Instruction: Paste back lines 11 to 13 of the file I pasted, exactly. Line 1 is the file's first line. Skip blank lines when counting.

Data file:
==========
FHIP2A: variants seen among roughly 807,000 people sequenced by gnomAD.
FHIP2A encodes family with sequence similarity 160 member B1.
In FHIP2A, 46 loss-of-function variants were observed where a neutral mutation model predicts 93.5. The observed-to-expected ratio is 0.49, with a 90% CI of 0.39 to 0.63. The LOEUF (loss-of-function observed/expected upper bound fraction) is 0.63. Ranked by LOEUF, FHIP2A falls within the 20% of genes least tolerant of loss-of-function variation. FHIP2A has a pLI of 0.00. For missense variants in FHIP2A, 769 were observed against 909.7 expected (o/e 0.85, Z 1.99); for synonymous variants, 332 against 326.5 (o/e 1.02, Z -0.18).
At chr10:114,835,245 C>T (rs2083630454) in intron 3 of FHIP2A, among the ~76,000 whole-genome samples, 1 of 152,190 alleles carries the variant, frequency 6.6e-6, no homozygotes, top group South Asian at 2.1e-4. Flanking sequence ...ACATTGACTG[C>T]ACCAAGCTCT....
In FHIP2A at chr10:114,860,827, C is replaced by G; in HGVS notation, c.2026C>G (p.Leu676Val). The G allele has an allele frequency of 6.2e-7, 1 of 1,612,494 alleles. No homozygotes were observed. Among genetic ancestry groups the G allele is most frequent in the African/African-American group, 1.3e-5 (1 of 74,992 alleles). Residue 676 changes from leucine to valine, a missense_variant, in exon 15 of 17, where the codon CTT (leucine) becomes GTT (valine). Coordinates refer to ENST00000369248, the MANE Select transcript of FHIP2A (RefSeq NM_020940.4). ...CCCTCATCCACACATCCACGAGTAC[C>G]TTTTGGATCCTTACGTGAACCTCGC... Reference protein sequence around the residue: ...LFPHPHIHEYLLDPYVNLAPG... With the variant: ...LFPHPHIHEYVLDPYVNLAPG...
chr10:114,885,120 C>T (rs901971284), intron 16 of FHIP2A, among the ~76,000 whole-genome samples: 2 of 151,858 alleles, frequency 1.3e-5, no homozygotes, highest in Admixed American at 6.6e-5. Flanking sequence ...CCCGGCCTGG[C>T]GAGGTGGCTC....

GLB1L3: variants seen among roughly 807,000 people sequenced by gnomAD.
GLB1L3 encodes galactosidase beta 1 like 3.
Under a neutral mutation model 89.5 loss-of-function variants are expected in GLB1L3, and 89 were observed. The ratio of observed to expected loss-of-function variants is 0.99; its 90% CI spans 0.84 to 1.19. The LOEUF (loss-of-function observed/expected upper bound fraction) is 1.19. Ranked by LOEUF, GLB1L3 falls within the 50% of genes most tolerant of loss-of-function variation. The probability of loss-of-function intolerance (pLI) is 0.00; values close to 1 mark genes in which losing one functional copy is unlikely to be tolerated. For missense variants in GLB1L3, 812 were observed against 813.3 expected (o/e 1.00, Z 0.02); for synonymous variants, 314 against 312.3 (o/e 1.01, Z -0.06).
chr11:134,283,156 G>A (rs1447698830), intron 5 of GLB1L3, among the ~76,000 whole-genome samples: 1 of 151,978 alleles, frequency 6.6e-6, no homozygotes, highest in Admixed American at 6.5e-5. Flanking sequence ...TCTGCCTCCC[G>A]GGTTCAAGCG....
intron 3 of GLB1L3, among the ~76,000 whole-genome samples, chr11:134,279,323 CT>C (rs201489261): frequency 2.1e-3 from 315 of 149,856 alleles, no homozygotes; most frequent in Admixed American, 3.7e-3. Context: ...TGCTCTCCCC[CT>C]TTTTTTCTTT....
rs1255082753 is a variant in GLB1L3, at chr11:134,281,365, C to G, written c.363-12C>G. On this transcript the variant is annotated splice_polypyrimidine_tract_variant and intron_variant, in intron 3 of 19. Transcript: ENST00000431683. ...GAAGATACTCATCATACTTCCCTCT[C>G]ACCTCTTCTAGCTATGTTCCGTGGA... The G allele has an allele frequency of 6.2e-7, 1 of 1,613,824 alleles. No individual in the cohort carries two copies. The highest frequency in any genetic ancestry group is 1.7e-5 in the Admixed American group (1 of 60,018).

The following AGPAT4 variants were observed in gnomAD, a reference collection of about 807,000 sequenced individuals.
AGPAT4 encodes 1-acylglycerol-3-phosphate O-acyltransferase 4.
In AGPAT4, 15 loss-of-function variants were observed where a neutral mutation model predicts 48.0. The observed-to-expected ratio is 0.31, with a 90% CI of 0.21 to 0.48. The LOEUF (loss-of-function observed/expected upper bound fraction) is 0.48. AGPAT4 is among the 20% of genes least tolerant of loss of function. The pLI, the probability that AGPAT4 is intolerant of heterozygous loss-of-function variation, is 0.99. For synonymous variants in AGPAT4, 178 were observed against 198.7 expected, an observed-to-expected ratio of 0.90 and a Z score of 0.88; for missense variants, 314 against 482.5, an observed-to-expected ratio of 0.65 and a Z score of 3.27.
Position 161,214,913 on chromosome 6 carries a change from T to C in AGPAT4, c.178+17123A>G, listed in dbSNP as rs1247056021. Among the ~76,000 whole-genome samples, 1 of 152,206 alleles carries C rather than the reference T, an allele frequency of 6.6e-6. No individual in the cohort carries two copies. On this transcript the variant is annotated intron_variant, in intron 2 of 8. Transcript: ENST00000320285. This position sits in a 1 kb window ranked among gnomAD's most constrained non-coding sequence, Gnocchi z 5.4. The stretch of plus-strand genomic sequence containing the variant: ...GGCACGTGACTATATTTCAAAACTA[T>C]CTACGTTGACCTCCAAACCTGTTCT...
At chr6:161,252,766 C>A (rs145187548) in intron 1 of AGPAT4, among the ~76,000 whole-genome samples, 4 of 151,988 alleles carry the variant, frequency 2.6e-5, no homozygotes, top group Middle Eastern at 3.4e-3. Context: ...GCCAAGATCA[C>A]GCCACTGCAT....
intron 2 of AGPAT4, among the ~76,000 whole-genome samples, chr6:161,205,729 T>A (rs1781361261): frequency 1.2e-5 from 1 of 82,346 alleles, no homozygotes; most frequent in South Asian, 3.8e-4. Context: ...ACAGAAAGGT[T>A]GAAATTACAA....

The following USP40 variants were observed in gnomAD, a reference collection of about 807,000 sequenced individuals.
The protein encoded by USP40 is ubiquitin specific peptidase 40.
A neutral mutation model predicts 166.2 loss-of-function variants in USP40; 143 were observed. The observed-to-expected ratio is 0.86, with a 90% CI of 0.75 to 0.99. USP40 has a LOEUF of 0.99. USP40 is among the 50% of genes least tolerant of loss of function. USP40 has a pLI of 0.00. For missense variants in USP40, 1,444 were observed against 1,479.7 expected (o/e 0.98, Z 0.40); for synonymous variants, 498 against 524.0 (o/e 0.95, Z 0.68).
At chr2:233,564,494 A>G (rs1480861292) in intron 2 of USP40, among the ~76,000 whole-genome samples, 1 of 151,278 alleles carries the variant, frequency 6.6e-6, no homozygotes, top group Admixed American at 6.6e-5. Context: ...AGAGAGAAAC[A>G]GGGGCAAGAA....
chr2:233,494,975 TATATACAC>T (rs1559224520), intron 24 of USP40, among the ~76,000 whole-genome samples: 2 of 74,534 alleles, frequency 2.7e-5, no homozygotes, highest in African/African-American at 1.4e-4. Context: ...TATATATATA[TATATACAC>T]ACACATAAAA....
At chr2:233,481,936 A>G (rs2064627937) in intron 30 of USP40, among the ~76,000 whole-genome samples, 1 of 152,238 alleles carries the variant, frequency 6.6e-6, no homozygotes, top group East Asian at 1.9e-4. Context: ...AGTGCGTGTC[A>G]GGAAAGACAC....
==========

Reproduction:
intron 3 of GLB1L3, among the ~76,000 whole-genome samples, chr11:134,279,323 CT>C (rs201489261): frequency 2.1e-3 from 315 of 149,856 alleles, no homozygotes; most frequent in Admixed American, 3.7e-3. Context: ...TGCTCTCCCC[CT>C]TTTTTTCTTT....
rs1255082753 is a variant in GLB1L3, at chr11:134,281,365, C to G, written c.363-12C>G. On this transcript the variant is annotated splice_polypyrimidine_tract_variant and intron_variant, in intron 3 of 19. Transcript: ENST00000431683. ...GAAGATACTCATCATACTTCCCTCT[C>G]ACCTCTTCTAGCTATGTTCCGTGGA... The G allele has an allele frequency of 6.2e-7, 1 of 1,613,824 alleles. No individual in the cohort carries two copies. The highest frequency in any genetic ancestry group is 1.7e-5 in the Admixed American group (1 of 60,018).

The following AGPAT4 variants were observed in gnomAD, a reference collection of about 807,000 sequenced individuals.